Monday, July 6, 2009

Theatre Reaches to New Generation

Not only has the Nepali theatre movement gained pace, it has also become matured by catering to the taste of varied audiences.

"It is difficult to draw differences between stage and my life," shared theatre artist Nisha Sharma during our conversation. Not only Nisha, theatre has become a part of life for several other youths. And why not? Theatre is a different world where people find different forms of romance and pleasure. This has already become a part of life for many youths.

The modern Nepali theatre movement has come a long way since the Bal Krishna Sama's Mutu Ko Byatha (Heart's Pain) was staged in 1986 BS. As it reaches the newer generation, the future of Nepali theatre certainly looks optimistic. It seems that the movement has finally got momentum and is heading towards a fixed direction.

Not only has the Nepali theatre movement gained pace, it has also become matured by catering to the taste of varied audiences. The Nepali theatres saw a sharp decline of audiences in the 2050s. Even though, it did not fail. The theatre movement further strengthened with such failures. Now, not only are the audiences growing, the number of theatre artists and directors has also been increasing. The theatre movement in the country is moving forward breaking all the past records.

Nepali theatres have been drawing the attention of the younger generation in an astonishing way. Maybe because of the lack of modern multiplexes, the younger generation has been keenly following Nepali theatres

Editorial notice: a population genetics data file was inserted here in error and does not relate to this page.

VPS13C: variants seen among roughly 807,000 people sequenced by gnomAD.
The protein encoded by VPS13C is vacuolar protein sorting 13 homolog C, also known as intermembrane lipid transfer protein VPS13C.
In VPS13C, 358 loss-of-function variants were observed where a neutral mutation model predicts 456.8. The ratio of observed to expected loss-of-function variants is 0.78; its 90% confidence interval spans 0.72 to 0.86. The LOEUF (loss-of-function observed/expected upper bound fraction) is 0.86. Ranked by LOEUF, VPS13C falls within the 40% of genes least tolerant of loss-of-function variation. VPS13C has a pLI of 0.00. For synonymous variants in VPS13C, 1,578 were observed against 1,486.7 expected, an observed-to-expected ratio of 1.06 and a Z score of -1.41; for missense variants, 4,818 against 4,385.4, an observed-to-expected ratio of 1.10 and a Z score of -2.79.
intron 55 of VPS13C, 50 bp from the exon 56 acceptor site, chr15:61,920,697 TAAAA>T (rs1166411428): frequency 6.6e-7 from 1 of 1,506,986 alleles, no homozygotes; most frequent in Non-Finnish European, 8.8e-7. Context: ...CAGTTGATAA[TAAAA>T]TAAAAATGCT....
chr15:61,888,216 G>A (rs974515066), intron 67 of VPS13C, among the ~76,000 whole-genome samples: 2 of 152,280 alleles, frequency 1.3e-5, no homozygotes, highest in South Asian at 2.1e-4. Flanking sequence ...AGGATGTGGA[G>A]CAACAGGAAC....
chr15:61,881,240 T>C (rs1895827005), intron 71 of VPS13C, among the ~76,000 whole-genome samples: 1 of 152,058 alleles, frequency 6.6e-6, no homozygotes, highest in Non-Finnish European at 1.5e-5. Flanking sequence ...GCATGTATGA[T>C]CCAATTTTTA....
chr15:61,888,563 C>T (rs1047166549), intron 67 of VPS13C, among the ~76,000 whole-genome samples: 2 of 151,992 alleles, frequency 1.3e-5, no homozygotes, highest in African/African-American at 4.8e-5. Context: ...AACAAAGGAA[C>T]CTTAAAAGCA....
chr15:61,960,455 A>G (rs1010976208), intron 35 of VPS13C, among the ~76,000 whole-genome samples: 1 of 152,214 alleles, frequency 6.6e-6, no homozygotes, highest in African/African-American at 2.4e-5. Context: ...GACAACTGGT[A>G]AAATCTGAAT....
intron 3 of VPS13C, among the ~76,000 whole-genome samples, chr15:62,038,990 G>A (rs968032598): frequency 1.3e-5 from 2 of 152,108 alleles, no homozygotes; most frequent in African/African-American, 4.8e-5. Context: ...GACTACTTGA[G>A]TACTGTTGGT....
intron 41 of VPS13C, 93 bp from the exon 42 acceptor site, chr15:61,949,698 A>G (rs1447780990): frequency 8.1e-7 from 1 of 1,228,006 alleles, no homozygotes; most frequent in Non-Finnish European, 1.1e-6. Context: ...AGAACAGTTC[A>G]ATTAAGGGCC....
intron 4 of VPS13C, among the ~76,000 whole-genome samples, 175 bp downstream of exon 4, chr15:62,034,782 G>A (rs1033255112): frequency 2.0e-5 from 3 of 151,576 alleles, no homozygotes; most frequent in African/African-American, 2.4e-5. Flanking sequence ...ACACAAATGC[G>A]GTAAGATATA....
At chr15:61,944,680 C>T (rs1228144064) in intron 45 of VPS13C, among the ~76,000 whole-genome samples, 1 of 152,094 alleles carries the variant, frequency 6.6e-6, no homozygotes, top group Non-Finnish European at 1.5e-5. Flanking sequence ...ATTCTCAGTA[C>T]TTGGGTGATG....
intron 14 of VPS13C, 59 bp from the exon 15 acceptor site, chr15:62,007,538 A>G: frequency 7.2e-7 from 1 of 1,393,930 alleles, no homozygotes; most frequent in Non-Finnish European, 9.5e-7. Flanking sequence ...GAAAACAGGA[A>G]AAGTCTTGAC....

Rosha Basnet (21), who never misses Nepali drama, terms theatre as her Maitighar (maternal home). "Gurukul is my maiti. It has enchanted me," Basnet, who is pursuing her graduation in journalism, shared. In earlier days, she used to visit Gurukul to meet her friends Sarita, Yubaraj and others, who are theatre artists. But she visits Gurukul on her own, because she says she is greatly attracted towards it.

Bimal Sapkota, a student at Tri Chandra College, is one of the regular visitors at Gurukul. Sapkota says that he finds the taste of theatre more attractive than the movies. "Dramas are livelier than movies. I don't like movies but I am very serious about dramas," he maintained.
Usha Bajracharya, a plus two level student, echoes Sapkota. "I prefer drama over movie because drama has live performances of the artists and the presentation is also lively," she added. Earlier, Usha was the only one among her friends who was interested in drama. Now, Usha has a wide circle of friends, including Samjhana, Deepa and Pratibha, who equally love theatre. They are only the tip of an iceberg of youths who seriously follow Nepali dramas.
Sunil Pokharel, the founder of Gurukul, is a happy man. Commenting on the increasing attraction of youths towards theatres, Pokharel said, "Regularity and lively performance are the major factors behind the increasing interests of youth towards theatres." Pokharel also sees the media support and marketing exercise as other factors behind it. "The theatre market is gradually expanding thanks to marketing exercise and media support," he added. Pokharel also said they had been able to attract plus two level students towards theatres because of their active involvement in showcasing dramas at schools and colleges.

Future of Theatre
Senior theatre artistes Hari Prasad Rimal, Ashesh Malla, Harihar Sharma, Sarubhakta and others spent their entire life for the betterment of Nepali theatre. Even younger generation artists in the likes of Sunil Pokharel, Shakuntala Sharma, Birendra Hamal, Anup Baral and others have already spent decades in Nepali drama. Theatre is the only future for them. Now, the nation can boasts of a good pool of talented and dedicated theatre artists.